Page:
A general demurrer to the complaint was sustained without leave to amend, and judgment was entered accordingly. On appeal, the judgment was reversed on the ground that the complaint stated a cause of action in tort for fraudulent conspiracy to destroy and depreciate the good will of the partnership. Clark v. Lesher, 106 Cal.App.2d 403, 235 P.2d 71. Defendants answered, denying the fraudulent conspiracy and alleging affirmative defenses. As we have seen, the case then proceeded to trial on the special defenses, and the jury returned a verdict for defendants.

Was Clark's Cause of Action Res Judicata?

One of the special defenses relied on in support of the judgment is that the issues tendered by the complaint are res judicata. This defense was left entirely to the jury without any guidance regarding the legal force and effect of the prior actions. 1 There can be no doubt that this was error, but defendants argue that plaintiff was not prejudiced because, they assert, the record shows as a matter of law that the issues raised here are res judicata. An analysis of the judgment rolls in the prior actions shows, however, that this contention is unsound.

In its primary aspect the doctrine of res judicata operates as a bar to the maintenance of a second suit between the same parties on the same cause of action. See Panos v. Great Western Pack. Co., 21 Cal.2d 636, 134 P.2d 242. It is clear and, indeed, conceded, that the two prior actions described above the accounting suit by Jay as administrator of the estate of Clark, and the quiet title suit by Wolfe as receiver of the partnership are based upon entirely different causes of action from plaintiff's action for damages for conspiracy to defraud.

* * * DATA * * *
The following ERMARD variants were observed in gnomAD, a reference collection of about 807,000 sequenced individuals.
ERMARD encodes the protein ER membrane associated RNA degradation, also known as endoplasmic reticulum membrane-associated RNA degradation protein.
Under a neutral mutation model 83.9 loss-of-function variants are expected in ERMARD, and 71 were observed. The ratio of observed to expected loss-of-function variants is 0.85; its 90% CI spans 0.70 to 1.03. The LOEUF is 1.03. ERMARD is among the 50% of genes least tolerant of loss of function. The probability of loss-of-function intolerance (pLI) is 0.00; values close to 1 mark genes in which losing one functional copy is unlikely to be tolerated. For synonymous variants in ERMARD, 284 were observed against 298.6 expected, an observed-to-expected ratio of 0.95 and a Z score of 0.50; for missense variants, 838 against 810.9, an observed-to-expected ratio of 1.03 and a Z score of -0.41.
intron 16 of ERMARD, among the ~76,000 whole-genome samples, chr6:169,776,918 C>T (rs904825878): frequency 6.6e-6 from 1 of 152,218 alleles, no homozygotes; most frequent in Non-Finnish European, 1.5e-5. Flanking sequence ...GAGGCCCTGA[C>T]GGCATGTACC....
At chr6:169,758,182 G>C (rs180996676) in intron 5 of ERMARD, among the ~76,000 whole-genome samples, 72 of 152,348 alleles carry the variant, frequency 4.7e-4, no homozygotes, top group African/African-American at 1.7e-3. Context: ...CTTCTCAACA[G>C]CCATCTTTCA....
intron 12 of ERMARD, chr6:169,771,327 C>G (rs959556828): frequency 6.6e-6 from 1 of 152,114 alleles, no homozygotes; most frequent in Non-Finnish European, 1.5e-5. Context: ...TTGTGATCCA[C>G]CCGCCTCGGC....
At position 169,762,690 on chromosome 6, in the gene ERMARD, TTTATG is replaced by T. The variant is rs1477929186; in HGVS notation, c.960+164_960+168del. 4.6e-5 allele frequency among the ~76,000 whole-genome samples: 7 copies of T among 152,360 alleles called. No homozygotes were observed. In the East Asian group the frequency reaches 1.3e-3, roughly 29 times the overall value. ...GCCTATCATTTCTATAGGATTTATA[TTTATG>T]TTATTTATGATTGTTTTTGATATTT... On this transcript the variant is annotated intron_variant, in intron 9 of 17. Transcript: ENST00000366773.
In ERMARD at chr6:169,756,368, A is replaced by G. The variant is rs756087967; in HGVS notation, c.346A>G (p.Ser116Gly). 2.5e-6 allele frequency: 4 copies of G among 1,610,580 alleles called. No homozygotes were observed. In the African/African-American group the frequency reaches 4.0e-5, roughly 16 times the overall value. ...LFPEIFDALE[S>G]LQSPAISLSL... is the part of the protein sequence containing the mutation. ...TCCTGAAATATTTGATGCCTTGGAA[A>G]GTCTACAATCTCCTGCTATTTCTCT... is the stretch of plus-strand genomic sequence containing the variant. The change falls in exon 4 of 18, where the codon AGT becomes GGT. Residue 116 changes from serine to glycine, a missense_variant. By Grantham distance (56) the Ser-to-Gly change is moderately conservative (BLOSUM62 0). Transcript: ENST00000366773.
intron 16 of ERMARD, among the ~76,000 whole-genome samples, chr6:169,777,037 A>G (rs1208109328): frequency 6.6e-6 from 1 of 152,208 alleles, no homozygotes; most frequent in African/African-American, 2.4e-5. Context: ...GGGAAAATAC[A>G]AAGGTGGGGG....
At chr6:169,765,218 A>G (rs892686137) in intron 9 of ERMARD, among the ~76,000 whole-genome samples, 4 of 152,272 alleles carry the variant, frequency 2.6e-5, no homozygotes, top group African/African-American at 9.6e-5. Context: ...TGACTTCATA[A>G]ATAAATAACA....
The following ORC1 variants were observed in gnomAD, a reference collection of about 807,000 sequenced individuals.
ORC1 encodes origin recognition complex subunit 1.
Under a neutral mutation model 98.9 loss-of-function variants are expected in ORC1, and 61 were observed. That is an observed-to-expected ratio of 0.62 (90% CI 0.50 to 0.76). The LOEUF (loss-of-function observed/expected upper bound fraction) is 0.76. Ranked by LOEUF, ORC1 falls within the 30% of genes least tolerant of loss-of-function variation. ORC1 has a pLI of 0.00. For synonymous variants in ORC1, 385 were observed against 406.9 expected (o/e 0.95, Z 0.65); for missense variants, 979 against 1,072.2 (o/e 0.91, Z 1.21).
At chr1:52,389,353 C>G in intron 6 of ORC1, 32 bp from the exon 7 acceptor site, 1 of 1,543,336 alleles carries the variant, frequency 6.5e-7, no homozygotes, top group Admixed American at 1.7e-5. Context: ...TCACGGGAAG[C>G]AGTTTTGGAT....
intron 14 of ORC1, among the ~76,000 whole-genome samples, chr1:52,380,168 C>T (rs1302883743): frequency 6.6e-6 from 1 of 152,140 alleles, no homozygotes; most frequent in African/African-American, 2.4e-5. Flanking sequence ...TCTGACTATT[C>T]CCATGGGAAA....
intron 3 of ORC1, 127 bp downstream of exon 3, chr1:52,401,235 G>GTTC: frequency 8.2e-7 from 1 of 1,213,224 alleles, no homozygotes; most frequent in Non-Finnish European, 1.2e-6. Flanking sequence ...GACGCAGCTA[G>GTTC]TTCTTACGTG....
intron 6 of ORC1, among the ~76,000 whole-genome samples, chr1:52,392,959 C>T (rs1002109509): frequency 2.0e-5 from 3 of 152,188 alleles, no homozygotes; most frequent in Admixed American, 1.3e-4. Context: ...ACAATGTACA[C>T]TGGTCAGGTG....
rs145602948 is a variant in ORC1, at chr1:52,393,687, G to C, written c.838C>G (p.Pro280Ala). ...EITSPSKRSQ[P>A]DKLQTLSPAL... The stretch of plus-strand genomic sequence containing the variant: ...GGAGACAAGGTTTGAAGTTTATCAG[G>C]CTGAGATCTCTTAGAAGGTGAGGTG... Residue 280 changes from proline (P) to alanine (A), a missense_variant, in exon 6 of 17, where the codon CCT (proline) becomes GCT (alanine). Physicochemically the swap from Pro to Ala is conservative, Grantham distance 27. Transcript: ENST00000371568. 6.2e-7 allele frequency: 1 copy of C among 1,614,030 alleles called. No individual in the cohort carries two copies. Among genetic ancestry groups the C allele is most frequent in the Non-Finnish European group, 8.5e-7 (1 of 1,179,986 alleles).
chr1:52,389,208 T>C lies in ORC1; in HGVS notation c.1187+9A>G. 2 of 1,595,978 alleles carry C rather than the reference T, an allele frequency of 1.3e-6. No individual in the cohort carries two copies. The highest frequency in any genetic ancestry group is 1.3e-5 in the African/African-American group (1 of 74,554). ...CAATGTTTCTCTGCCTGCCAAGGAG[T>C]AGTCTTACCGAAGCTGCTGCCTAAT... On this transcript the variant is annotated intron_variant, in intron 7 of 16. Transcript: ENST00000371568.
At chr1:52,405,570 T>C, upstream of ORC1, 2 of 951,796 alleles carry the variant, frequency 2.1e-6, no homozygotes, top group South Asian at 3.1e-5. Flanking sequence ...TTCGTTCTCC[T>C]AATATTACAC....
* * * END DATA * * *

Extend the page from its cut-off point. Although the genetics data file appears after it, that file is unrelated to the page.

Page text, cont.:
In its secondary aspect res judicata has a limited application to a second suit between the same parties, though based on a difference cause of action. The prior judgment is not a complete bar, but it 'operates as an estoppel or conclusive adjudication as to such issues in the second action as were actually litigated and determined in the first action.' Todhunter v. Smith, 219 Cal. 690, 695, 28 P.2d 916, 918. This aspect of the doctrine of res judicata, now commonly referred to as the doctrine of collateral estoppel, is confined to issues actually litigated. It is not an easy rule to apply, for the term 'issue' as used in this connection is difficult to define, and the pleadings and proof in each case must be carefully scrutinized to determine whether a particular issue was raised even though some legal theory, argument or 'matter' relating to the issue was not expressly mentioned or asserted. See discussion, Sutphin v. Speik, 15 Cal.2d 195, 99 P.2d 652, 101 P.2d 497; Pacific Mut. Life Ins. Co. v McConnell, 44 Cal.2d 715, 724, 285 P.2d 636; 3 Witkin, California Procedure, p. 1948 et seq.

There is, however, little difficulty in applying the rule in the present case. The first action, by Jay as administrator of the estate of the deceased partner, sought an accounting, sale of partnership assets, payment of debts and distribution of the surplus. The defendant, sued as surviving partner, answered, denying that any sum was due. An interlocutory judgment was rendered in favor of plaintiff, for an accounting from defendant, for the sale of the property and payment of the debts, and for the appointment of a receiver. This judgment determined issues relating entirely to the partnership business, its property and its liabilities. The plaintiff Jay, as administrator, was not even a defendant in the subsequent action by Clark for conspiracy and fraud, and the three defendants in the subsequent fraud action were not parties to Jay's accounting suit. The fraud and conspiracy theory of individual liability of persons not parties would have been completely irrelevant in Jay's action, and the issue was never raised.

The same is true of the...